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ISSUE 69 page 4

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Latvian unions effective but lack young profile
U.S. fast-food unions dream of Danish conditions

THE FREE TRADE UNION CONFEDERATION of Latvia (LBAS) has received results from a study they commissioned of the work environment in the country. The EU-funded enquiry found that workplaces that had a trade union showed significant advantages such as fewer violations of labour laws, and less likelihood of working overtime without pay. Fewer employees at unionised companies reported a worsening of working conditions. However there was also bad news for unions in the fact that more young people were either working in an unorganised workplace or unsure of whether one existed or not. Only 19% in the 25–34 age group said they had a union, compared with 35% aged between 55 and 74.
Similarly concerning were the results on taking action against abuses of labour rights. Nearly a half of respondents who said that this had happened to them did nothing to remedy the situation. The reasons given were a belief that the problem was insoluble or that the violation was not serious enough. The shadow economy plays a large part in Latvian working life with 50% of workers surveyed knowing somebody who works without paying tax. While they say the reason for this practice is the high level of taxes and social security payments they are well aware of the pitfalls such as non-payment of wages, lack of health and accident insurance and harder working conditions.

TRADE UNIONS IN THE UNITED STATES, who have made some headway in recruiting workers in fast-food companies such as McDonald’s, have pointed to working practices in EU Member States like Denmark as something to work towards. On a visit to the U.K. as part of a global campaign to fight for a living wage Flavia Cabral, who earns $8 (£5.10) an hour in New York, contrasted her wages with the 115 kronor an hour ($19.35, £12.35) guaranteed to a Danish worker. ‘If McDonald’s can afford to pay that in Denmark they should be able to pay more everywhere’, she pointed out. Due to an agreement between the 3F union and employers’ group Horesta, which includes all the major fast-food franchises, the Danes also get five weeks’ paid vacation, paid maternity and paternity leave and a pension plan. British bakery union BFAWU, who are supporting the campaign, want a £10 minimum wage. ‘Achieving £10 an hour would take 5 million people out of poverty’ said union President Ian Hodson. Although they have many members at Greggs, progress at at McDonald’s, Burger King and KFC has been slow. According to John McDonnell MP ‘They fear they will lose their jobs or have hours reduced if they protest’.
Podemos no.1 as Spanish meltdown reaches politics
‘No low-paid in Finland’ minister shown up by unions

FOR A LONG TIME FOLLOWING THE financial crash many commentators remarked on the fact that the economic meltdown had not affected formal politics. With the odd exception, such as Greece, the usual rotation of centre-left and centre-right continued in most countries. Spain seemed to be a  prime example, with unemployment at over 25% and record numbers of evictions the political fall-out was limited to street protests. Now a party that was formed less than a year ago has topped a reIglesias, P.cent poll. Podemos, ‘We can’ in English, surprised experts by polling 8% of the vote in the May European elections and ending up with five MEPs. Having registered a continuous increase in opinion polls since then they are now favoured by 28.3% of the sample in a recent survey in the El Pais newspaper, more than 8% ahead of the opposition Socialists.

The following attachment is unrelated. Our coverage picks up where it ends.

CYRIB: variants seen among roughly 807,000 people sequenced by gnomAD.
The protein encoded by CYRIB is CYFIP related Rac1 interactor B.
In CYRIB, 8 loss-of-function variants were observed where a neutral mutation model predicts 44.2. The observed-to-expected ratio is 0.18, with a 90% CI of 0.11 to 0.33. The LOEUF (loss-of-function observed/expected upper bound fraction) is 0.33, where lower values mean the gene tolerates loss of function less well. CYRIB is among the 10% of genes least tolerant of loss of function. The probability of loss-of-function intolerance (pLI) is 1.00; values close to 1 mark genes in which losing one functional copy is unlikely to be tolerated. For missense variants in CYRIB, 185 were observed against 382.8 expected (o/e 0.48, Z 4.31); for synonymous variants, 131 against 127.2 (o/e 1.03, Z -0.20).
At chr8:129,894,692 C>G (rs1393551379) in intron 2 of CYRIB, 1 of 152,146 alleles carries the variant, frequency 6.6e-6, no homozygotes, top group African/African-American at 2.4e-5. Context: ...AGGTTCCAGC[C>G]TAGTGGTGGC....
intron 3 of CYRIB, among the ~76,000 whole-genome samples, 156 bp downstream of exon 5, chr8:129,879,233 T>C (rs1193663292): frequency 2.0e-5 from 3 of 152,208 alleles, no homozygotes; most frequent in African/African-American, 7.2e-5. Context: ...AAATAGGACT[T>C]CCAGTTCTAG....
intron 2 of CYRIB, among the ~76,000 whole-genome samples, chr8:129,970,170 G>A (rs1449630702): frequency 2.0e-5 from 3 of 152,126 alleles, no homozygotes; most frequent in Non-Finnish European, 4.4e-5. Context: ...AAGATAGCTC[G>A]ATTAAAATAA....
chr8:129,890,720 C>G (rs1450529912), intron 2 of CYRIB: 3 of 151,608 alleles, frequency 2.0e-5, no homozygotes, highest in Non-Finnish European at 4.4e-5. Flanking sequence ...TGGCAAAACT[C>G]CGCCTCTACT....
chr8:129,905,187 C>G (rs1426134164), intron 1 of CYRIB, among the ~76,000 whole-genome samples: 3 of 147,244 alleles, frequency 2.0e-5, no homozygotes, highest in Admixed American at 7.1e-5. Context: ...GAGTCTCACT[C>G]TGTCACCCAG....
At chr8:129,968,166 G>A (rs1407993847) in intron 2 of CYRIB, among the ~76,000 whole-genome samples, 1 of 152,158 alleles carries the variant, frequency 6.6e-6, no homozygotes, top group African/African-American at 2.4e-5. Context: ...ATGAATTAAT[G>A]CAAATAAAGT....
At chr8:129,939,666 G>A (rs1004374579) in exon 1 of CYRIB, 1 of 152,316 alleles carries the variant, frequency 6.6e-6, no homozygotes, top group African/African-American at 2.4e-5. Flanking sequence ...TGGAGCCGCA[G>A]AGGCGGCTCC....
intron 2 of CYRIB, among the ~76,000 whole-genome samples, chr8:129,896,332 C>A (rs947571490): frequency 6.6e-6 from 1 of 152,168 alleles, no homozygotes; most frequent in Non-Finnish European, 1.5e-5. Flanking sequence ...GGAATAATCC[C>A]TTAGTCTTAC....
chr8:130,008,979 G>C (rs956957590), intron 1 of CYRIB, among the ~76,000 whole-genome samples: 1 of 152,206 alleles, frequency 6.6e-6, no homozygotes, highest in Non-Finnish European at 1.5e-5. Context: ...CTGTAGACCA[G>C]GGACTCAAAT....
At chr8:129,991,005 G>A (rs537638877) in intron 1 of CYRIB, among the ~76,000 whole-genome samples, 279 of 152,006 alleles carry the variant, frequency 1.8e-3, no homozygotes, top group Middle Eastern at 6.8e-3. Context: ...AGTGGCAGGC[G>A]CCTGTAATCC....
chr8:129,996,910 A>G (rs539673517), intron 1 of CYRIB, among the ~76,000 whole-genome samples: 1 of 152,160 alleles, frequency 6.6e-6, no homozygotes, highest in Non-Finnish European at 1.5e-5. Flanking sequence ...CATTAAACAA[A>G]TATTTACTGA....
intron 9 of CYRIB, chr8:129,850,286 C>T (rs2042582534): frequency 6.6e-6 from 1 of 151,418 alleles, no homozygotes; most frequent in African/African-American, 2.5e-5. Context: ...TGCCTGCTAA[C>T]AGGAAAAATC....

Attention has now turned to their leadership and policies. Though generally thought to be left-wing, their leader, Pablo Iglesias, has emphasised the battle between ‘above’ and ‘below’ in Spanish society rather than that between left and right. He says that about 10% of Podemos supporters have moved from the government party, the centre-right PP. Nonetheless policies such as a 35-hour week, political control of the European Central Bank  and banning profitable companies from sacking workers would seem to place the new party to the left of the socialist PSOE.

NORDIC EU MEMBER STATE FINLAND IS known as a prosperous country but perhaps not as well-off as its social affairs and health minister would like to think. Speaking about a proposal to cut child welfare payments Laura Räty questioned whether there should be an exemption for low-income families. ‘How many Finns find themselves in a group that earns less than 2,100 or 2,600 euros?’ she asked. Reaction was swift with many low-paid workers offering to send their wage slips to the minister. Public sector union JHL gathered together 250 of these and presented them to her. The trade union quoted statistics showing that over 800,000 Finns earn less than €2,600 a month. Eloranta, J. Räty, L.
Union President Eloranta hands the pay slips to the minister

JHL President Jarkko Eloranta explained ‘what life is like for those in low-paid jobs’ to Ms. Räty who said that she had ‘chosen her words very poorly’. ‘We are glad that Minister Räty received our delegation and was prepared to discuss the challenges Finns living on low incomes face’ Mr. Eloranta confirmed.





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